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I am an undergraduate engineering physics student since 1 1/2 years back. I've taken classes in real analysis, complex analysis and linear algebra.

When one tries to read about math on Wikipedia the articles talk about mathematical structures, mathematical objects and so on. I'd like to know more about this, the "foundations of mathematics".

I want to know if there are any appropriate books, given my background, that would be possible to use for self-study?

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By a mathematical structure, do you mean groups, rings, fields, vector spaces, finite geometries, division rings, Modules and so on? –  user21436 Feb 10 '12 at 20:11
    
Start with any good textbook on university algebra (see prior questions). Supplement that with Shafarevich's very beautiful book Basic notions of algebra - which bursts at the seams with so much motivation and insight (and has many examples that will be of interest to a physicist). –  Math Gems Feb 10 '12 at 20:16
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See also: Saunders Mac Lane: Mathematics: Form and Function –  Math Gems Feb 10 '12 at 20:24
    
For context, you might also appreciate a historical book like the one by John Stillwell. Also, plus-one for the Saunders Mac Lane book. –  yep Feb 10 '12 at 21:25
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What do folks here think of Basic Concepts of Mathematics by Elias Zakon? It's free online: trillia.com/zakon1.html –  Ben Crowell Mar 11 '12 at 22:22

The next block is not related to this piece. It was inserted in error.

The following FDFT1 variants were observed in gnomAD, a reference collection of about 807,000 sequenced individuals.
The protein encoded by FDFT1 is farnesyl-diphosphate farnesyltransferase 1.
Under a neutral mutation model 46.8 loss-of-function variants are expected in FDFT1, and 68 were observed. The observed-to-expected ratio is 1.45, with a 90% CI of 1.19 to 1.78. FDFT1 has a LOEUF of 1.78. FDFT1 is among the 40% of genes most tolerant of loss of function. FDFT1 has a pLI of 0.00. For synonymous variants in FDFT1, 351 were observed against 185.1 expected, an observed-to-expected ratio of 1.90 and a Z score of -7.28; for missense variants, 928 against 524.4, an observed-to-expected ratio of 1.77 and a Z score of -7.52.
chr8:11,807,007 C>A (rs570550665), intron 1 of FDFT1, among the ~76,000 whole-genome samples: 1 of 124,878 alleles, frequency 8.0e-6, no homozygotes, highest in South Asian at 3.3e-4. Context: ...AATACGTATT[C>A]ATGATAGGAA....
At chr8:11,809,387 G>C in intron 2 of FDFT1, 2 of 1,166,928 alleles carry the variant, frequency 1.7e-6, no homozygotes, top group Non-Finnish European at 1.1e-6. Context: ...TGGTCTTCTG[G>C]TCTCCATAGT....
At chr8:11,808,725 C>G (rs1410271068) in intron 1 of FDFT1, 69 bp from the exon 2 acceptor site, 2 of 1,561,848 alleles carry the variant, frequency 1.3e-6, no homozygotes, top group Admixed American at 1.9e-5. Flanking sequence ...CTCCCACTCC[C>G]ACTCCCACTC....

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A classic text that used to be (and still may be) a standard undergraduate text for courses in the foundations of mathematics is Introduction to the Foundations of Mathematics by Raymond Louis Wilder. You can find this book in virtually every U.S. college/university library, and apparently (from what I've just read online) Wilder's book is being reprinted by Dover Publications. I think this book would be a very good fit for what you're looking for and your background. (I've had a copy of the 1965 edition for nearly 30 years, so I'm somewhat familiar with it.)

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Here is a BAMS review by O. Frink. It's not clear if the OP is asking about such traditional "foundations" or about structuralism, universal algebra, category theory, etc. –  Math Gems Feb 10 '12 at 21:28
    
I recently discovered that a digital copy of the 1965 edition of Wilder's Introduction to the Foundations of Mathematics is freely available (and apparently legally available) on the internet. –  Dave L. Renfro Oct 10 at 14:03

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